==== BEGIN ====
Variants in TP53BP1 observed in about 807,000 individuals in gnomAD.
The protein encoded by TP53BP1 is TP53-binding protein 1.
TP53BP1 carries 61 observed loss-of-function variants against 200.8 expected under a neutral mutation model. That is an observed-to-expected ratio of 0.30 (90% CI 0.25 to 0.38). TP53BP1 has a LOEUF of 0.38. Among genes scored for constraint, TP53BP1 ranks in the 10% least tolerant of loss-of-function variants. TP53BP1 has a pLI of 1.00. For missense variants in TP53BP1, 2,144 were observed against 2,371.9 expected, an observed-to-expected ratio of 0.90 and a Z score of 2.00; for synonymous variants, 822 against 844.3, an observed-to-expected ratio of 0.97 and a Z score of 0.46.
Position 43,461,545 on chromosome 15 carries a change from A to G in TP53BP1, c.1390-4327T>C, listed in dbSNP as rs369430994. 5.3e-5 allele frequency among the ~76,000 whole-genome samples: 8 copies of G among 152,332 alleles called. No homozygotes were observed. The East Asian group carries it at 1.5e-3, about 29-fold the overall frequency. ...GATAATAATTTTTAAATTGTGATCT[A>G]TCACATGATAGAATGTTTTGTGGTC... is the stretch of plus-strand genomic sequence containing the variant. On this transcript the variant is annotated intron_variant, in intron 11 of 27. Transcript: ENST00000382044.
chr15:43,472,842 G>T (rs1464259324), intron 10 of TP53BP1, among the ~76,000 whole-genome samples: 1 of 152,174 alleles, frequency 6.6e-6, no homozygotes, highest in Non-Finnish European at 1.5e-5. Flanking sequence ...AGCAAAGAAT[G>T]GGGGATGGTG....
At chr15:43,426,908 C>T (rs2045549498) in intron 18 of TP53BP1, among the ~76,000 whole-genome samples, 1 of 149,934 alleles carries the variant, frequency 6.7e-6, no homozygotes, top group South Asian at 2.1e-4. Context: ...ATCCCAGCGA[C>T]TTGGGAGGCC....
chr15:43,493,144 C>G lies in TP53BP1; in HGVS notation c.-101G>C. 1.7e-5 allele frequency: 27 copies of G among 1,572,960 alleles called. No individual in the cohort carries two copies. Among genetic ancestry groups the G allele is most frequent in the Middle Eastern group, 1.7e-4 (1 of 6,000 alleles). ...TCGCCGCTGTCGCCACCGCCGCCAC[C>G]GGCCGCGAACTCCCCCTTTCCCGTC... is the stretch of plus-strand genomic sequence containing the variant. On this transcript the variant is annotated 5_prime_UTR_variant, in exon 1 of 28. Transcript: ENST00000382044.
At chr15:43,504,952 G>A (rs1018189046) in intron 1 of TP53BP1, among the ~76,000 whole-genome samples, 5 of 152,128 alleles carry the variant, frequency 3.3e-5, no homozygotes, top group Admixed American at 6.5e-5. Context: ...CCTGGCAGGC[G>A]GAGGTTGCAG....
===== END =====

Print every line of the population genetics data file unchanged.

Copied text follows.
Variants in TP53BP1 observed in about 807,000 individuals in gnomAD.
The protein encoded by TP53BP1 is TP53-binding protein 1.
TP53BP1 carries 61 observed loss-of-function variants against 200.8 expected under a neutral mutation model. That is an observed-to-expected ratio of 0.30 (90% CI 0.25 to 0.38). TP53BP1 has a LOEUF of 0.38. Among genes scored for constraint, TP53BP1 ranks in the 10% least tolerant of loss-of-function variants. TP53BP1 has a pLI of 1.00. For missense variants in TP53BP1, 2,144 were observed against 2,371.9 expected, an observed-to-expected ratio of 0.90 and a Z score of 2.00; for synonymous variants, 822 against 844.3, an observed-to-expected ratio of 0.97 and a Z score of 0.46.
Position 43,461,545 on chromosome 15 carries a change from A to G in TP53BP1, c.1390-4327T>C, listed in dbSNP as rs369430994. 5.3e-5 allele frequency among the ~76,000 whole-genome samples: 8 copies of G among 152,332 alleles called. No homozygotes were observed. The East Asian group carries it at 1.5e-3, about 29-fold the overall frequency. ...GATAATAATTTTTAAATTGTGATCT[A>G]TCACATGATAGAATGTTTTGTGGTC... is the stretch of plus-strand genomic sequence containing the variant. On this transcript the variant is annotated intron_variant, in intron 11 of 27. Transcript: ENST00000382044.
chr15:43,472,842 G>T (rs1464259324), intron 10 of TP53BP1, among the ~76,000 whole-genome samples: 1 of 152,174 alleles, frequency 6.6e-6, no homozygotes, highest in Non-Finnish European at 1.5e-5. Flanking sequence ...AGCAAAGAAT[G>T]GGGGATGGTG....
At chr15:43,426,908 C>T (rs2045549498) in intron 18 of TP53BP1, among the ~76,000 whole-genome samples, 1 of 149,934 alleles carries the variant, frequency 6.7e-6, no homozygotes, top group South Asian at 2.1e-4. Context: ...ATCCCAGCGA[C>T]TTGGGAGGCC....
chr15:43,493,144 C>G lies in TP53BP1; in HGVS notation c.-101G>C. 1.7e-5 allele frequency: 27 copies of G among 1,572,960 alleles called. No individual in the cohort carries two copies. Among genetic ancestry groups the G allele is most frequent in the Middle Eastern group, 1.7e-4 (1 of 6,000 alleles). ...TCGCCGCTGTCGCCACCGCCGCCAC[C>G]GGCCGCGAACTCCCCCTTTCCCGTC... is the stretch of plus-strand genomic sequence containing the variant. On this transcript the variant is annotated 5_prime_UTR_variant, in exon 1 of 28. Transcript: ENST00000382044.
At chr15:43,504,952 G>A (rs1018189046) in intron 1 of TP53BP1, among the ~76,000 whole-genome samples, 5 of 152,128 alleles carry the variant, frequency 3.3e-5, no homozygotes, top group Admixed American at 6.5e-5. Context: ...CCTGGCAGGC[G>A]GAGGTTGCAG....